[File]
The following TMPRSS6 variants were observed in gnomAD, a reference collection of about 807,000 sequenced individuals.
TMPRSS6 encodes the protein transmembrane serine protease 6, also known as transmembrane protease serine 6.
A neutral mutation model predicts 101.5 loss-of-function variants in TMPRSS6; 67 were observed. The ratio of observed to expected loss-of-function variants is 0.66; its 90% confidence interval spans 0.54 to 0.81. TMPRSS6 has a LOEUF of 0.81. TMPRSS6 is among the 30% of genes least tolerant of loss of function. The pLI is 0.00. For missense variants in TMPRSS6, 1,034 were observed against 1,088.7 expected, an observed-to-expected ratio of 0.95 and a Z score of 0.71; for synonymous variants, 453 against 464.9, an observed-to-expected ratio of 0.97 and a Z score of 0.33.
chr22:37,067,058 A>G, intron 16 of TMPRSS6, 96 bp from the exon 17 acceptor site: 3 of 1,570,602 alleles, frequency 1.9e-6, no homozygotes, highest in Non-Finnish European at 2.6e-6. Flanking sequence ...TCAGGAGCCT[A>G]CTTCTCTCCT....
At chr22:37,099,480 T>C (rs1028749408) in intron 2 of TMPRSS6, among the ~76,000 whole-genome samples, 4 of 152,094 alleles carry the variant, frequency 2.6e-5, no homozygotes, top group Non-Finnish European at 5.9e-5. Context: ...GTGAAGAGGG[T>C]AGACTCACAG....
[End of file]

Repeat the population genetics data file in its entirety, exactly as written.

The following TMPRSS6 variants were observed in gnomAD, a reference collection of about 807,000 sequenced individuals.
TMPRSS6 encodes the protein transmembrane serine protease 6, also known as transmembrane protease serine 6.
A neutral mutation model predicts 101.5 loss-of-function variants in TMPRSS6; 67 were observed. The ratio of observed to expected loss-of-function variants is 0.66; its 90% confidence interval spans 0.54 to 0.81. TMPRSS6 has a LOEUF of 0.81. TMPRSS6 is among the 30% of genes least tolerant of loss of function. The pLI is 0.00. For missense variants in TMPRSS6, 1,034 were observed against 1,088.7 expected, an observed-to-expected ratio of 0.95 and a Z score of 0.71; for synonymous variants, 453 against 464.9, an observed-to-expected ratio of 0.97 and a Z score of 0.33.
chr22:37,067,058 A>G, intron 16 of TMPRSS6, 96 bp from the exon 17 acceptor site: 3 of 1,570,602 alleles, frequency 1.9e-6, no homozygotes, highest in Non-Finnish European at 2.6e-6. Flanking sequence ...TCAGGAGCCT[A>G]CTTCTCTCCT....
At chr22:37,099,480 T>C (rs1028749408) in intron 2 of TMPRSS6, among the ~76,000 whole-genome samples, 4 of 152,094 alleles carry the variant, frequency 2.6e-5, no homozygotes, top group Non-Finnish European at 5.9e-5. Context: ...GTGAAGAGGG[T>C]AGACTCACAG....